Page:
Date of Graduation


Document Type


Degree Name

Doctor of Philosophy in Engineering (PhD)

Degree Level



Civil Engineering


Michelle L. Barry

Committee Member

Richard A. Coffman

Second Committee Member

Clinton M. Wood

Third Committee Member

Paul C. Millett


Aggregate, DEM, Footing, Numerical Modeling, simulations, Stone Columns, Bearing Capacity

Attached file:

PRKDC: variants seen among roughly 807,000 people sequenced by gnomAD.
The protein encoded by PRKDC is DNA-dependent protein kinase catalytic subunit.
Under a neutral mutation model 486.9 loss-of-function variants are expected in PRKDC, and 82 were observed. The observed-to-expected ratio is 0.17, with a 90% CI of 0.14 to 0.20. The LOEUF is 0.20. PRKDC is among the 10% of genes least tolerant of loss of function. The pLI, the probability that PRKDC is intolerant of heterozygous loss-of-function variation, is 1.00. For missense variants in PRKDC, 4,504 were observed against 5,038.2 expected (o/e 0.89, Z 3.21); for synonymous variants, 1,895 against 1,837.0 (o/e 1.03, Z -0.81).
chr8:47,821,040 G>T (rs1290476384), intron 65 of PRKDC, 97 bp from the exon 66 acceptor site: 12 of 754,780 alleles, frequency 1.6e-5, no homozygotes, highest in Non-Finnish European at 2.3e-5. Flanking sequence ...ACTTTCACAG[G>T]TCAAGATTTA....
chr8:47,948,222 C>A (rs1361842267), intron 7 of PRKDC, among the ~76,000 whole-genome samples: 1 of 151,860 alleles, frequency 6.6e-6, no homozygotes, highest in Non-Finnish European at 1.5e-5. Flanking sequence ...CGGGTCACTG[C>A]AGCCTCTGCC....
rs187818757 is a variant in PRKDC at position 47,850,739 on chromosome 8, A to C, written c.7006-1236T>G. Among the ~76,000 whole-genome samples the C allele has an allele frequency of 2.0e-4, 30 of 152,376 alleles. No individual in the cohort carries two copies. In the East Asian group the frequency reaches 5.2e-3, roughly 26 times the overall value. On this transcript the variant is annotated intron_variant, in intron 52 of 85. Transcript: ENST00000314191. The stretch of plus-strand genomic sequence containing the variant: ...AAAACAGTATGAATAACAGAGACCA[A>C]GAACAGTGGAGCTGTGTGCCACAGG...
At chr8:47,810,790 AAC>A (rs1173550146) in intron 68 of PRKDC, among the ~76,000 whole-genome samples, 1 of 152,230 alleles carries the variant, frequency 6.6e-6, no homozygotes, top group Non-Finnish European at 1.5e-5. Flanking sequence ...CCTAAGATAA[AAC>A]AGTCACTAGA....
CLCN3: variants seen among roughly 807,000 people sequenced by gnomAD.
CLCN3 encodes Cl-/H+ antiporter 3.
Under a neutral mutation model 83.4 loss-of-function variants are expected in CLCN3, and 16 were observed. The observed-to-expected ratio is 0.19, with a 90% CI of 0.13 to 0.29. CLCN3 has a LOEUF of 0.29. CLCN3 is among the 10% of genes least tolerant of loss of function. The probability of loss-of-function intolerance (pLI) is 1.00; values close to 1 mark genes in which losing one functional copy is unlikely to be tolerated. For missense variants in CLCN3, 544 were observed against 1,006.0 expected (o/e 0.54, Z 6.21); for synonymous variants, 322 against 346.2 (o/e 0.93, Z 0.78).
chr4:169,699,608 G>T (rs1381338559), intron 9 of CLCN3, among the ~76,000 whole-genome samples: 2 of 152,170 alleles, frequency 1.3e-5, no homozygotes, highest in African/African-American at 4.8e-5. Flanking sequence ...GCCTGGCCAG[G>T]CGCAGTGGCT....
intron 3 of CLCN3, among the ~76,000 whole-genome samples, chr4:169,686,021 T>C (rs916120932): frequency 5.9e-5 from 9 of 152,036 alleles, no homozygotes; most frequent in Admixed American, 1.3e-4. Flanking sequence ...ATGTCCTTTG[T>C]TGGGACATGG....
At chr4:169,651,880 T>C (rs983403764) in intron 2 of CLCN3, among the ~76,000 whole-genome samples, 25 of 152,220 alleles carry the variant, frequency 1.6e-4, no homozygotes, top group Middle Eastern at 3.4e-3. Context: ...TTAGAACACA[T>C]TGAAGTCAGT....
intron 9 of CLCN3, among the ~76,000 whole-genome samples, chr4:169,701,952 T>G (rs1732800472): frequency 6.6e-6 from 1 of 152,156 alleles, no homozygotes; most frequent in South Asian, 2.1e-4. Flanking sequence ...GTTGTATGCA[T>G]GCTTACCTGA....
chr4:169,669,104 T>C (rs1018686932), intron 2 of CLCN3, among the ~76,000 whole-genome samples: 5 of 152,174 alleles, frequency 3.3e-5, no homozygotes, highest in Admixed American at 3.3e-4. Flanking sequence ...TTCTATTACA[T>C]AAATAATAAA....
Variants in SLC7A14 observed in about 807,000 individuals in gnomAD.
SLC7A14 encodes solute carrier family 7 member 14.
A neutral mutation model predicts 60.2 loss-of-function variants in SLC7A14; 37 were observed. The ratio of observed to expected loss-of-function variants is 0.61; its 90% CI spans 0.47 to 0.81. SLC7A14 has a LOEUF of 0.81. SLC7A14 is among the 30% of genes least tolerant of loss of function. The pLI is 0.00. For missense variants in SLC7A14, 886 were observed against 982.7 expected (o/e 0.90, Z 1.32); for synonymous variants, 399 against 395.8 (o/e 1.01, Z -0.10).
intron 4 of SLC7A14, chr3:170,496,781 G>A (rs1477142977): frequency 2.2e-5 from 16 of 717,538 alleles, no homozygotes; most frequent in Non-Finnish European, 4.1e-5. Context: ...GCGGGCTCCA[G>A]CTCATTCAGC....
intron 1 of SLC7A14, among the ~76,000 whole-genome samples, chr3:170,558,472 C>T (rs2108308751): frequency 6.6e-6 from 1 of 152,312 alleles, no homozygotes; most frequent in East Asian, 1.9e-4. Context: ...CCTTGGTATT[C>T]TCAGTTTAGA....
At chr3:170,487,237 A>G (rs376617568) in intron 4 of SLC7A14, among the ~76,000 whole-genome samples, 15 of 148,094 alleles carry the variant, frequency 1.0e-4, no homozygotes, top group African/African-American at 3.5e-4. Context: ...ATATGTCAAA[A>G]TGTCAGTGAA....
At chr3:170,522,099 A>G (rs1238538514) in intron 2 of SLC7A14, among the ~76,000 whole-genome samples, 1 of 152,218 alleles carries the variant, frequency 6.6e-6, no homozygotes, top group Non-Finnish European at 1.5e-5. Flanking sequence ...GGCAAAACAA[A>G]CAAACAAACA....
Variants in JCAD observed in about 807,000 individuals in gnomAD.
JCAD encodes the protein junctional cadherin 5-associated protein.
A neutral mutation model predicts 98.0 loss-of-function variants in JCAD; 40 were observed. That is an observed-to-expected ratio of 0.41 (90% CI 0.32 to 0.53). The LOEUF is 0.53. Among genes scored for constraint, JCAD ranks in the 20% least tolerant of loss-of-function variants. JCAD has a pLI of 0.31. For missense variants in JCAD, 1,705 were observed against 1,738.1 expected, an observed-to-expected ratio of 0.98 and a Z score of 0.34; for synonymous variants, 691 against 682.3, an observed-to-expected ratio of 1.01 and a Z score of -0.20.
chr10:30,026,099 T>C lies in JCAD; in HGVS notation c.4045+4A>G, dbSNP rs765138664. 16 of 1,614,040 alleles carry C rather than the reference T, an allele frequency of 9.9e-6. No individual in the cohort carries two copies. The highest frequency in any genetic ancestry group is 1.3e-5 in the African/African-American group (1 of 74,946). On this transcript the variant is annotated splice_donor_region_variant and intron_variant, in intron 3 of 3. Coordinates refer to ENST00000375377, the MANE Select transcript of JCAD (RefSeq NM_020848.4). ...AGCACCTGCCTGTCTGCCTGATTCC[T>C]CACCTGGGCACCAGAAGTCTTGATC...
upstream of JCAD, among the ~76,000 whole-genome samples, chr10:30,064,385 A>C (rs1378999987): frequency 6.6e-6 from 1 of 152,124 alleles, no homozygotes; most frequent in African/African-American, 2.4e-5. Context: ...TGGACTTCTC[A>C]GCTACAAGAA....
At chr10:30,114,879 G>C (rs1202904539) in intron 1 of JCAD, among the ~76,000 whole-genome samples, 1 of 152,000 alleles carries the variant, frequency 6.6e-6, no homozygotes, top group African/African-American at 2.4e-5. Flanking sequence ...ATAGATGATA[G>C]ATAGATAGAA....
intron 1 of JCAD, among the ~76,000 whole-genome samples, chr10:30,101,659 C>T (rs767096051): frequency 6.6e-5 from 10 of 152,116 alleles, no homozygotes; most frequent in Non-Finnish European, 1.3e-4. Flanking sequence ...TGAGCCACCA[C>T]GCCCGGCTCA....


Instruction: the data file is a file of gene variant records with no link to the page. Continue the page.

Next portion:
The implementation of stone columns as a ground improvement technique has become more popular in geotechnical construction practice as a result of their ability to improve strength, stiffness and permeability characteristics of weak clayey soil deposits. There are several analytical and empirical approaches to estimate the bearing capacity of stone column foundation systems; however, there is notable variation in the performance of these existing methods when compared with full-scale experimental results. For very weak cohesive soils (i.e., undrained shear strength less than 15 kPa), the use of conventional stone columns becomes restricted because of the insufficient confinement that these types of soils can provide to the columns. Hence, the inclusion of cement-coated aggregate has been developed as an alternative method to improve the efficacy of stone columns in soft soils. Limited information is available regarding the global performance, load-transfer mechanism, and design of these types of cemented stone columns under various field conditions. Efforts to refine the accuracy of current design methods and reinforcement techniques for conventional stone columns naturally point to the need for improving the understanding of the fundamental load-transfer mechanisms of stone columns. Three-dimensional discrete element method (DEM) simulations of small- and full-scale footing loading tests were developed to investigate the effects of aggregate strength, pier length, aggregate Young’s modulus, area replacement ratio, cement content, and undrained shear strength of the matrix soil on the bearing pressure-displacement responses of isolated foundations supported on stone columns. The elemental responses of the aggregate and plastic matrix soil were calibrated against laboratory and in-situ test data from a well-characterized site and compared against the results of small- and full-scale footing loading tests. The column aggregate material was represented by discrete-deformable tetrahedrons in conjunction with strain-softening and strain-hardening models in order to improve the simulation of the nonlinear response of the cemented aggregate. Joined deformable blocks were employed to represent the continuous mechanical behavior of the surrounding clayey soil. The numerical results are in excellent agreement with the experimental laboratory and field data and provide improved estimates of the bearing pressure-displacement curves of the column-foundation systems investigated in this study. The Young’s modulus of the aggregate column and the area replacement ratio were found to have the greatest influence on the bearing pressure-displacement response. The DEM results also improve the understanding of the effects of granular material-cementation on the performance of stone columns. At low cement contents the stone column exhibits a type of bulging failure mechanism similar to uncemented stone columns, but at higher cement contents (10 % in this study), bulging is not observed, and the behavior resembles more like that of a concrete pile. These types of behavioral differences also have different implications for single isolated stone columns and group column behavior.